uploads///Chinas Consumer Price Index and Producer Price Index

What Are China’s CPI, PPI, and Debt Data Indicating?


Sep. 21 2015, Updated 3:43 p.m. ET

China’s CPI and PPI data

China’s Consumer Price Index (or CPI) rose to 2% in August year-over-year (YoY) mainly due to higher food prices, especially pork, and not due to an improvement in economic activity.

Meanwhile, the Producer Price Index (or PPI) fell 5.9% YoY as manufacturers resorted to price cutting due to weak demand. The risk of deflation is growing in the manufacturing sector, which is more disturbing. Because lower prices mean lower profits for factories and with shrinking margins, it becomes difficult for manufacturers to run their businesses for a longer time.

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China’s rising debt burden

China’s debt burden is constantly rising, while its GDP (gross domestic product) is falling. The latest figures for August show that outstanding renminbi (or RMB) and foreign currency loans totaled 97.05 trillion yuan, up 14.7% year-over-year (or YoY).

RMB loans increased by 809.6 billion yuan in August, 49 billion yuan more than the growth in the same period last year. At the end of August, outstanding foreign currency loans stood at $934.8 billion, up 1.2% YoY.

Why has China’s debt risen?

The Chinese economy has been growing rapidly in the last two decades. The government wanted to boost its manufacturing and export sector. So the government made huge investments in the industrial and export sectors to support the rising global demand by borrowing funds on a large scale.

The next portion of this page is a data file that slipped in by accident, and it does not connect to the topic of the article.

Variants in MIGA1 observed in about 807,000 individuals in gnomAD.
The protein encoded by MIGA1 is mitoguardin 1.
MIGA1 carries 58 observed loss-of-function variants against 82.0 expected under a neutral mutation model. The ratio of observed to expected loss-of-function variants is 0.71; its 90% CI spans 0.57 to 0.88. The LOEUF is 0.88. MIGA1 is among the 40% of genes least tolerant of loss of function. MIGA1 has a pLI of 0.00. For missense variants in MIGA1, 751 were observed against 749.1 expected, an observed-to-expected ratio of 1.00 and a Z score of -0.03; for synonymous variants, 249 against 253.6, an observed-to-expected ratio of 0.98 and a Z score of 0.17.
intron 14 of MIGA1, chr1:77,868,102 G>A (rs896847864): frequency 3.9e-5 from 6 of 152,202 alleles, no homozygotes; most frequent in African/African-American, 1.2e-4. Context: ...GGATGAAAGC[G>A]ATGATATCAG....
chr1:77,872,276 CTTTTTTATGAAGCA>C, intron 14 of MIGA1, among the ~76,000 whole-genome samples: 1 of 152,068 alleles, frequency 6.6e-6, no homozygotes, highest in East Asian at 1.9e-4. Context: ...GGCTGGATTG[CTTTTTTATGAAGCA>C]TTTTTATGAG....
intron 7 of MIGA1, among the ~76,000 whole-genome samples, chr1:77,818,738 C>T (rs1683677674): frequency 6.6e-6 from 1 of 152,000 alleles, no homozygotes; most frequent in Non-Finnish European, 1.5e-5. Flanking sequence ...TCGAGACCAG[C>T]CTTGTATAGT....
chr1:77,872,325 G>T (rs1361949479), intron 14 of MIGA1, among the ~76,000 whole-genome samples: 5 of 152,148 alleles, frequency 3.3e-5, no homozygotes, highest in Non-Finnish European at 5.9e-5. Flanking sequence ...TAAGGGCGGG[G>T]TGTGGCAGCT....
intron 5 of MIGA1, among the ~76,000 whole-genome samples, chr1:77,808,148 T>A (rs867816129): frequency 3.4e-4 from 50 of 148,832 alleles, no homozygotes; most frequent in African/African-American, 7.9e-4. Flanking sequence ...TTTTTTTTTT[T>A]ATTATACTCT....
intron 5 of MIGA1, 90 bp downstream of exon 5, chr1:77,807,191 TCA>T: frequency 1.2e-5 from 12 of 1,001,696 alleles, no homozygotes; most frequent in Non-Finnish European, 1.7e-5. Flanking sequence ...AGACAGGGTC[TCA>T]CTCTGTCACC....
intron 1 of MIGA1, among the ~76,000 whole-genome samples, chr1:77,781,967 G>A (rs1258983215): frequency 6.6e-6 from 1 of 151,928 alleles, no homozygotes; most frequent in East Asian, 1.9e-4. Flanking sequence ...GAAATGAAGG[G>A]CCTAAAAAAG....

China’s local governments borrowed heavily to build infrastructure such as roads, airports, and industrial parks. Now the situation has changed completely. Global demand has weakened. China’s GDP is slowing, and the economy can no longer support the mounting interest burden that comes from the huge amount of debt.

Impact on mutual funds

Rising CPI and falling PPI affects all companies operating in China and hence the mutual funds. They include the Clough China Fund – Class A (CHNAX), the Fidelity China Region Fund – Class C (FHKCX), the John Hancock Greater China Opportunities Fund – Class A (JCOAX), and the Matthews China Fund – Investor Class (MCHFX).

Demand for consumer discretionary, or luxury goods, has fallen. This has adversely impacted consumer discretionary companies such as Jumei International (JMEI), Qunar Cayman Islands (QUNR), Tuniu Corporation (TOUR), and JD.com (JD).

China’s debt burden is rising at an alarming rate. There’s a danger that the country may fall into a debt trap. However, excessive borrowing may jeopardize the economic growth of the economy. Mutual funds will thus be impacted at the broader macro level.


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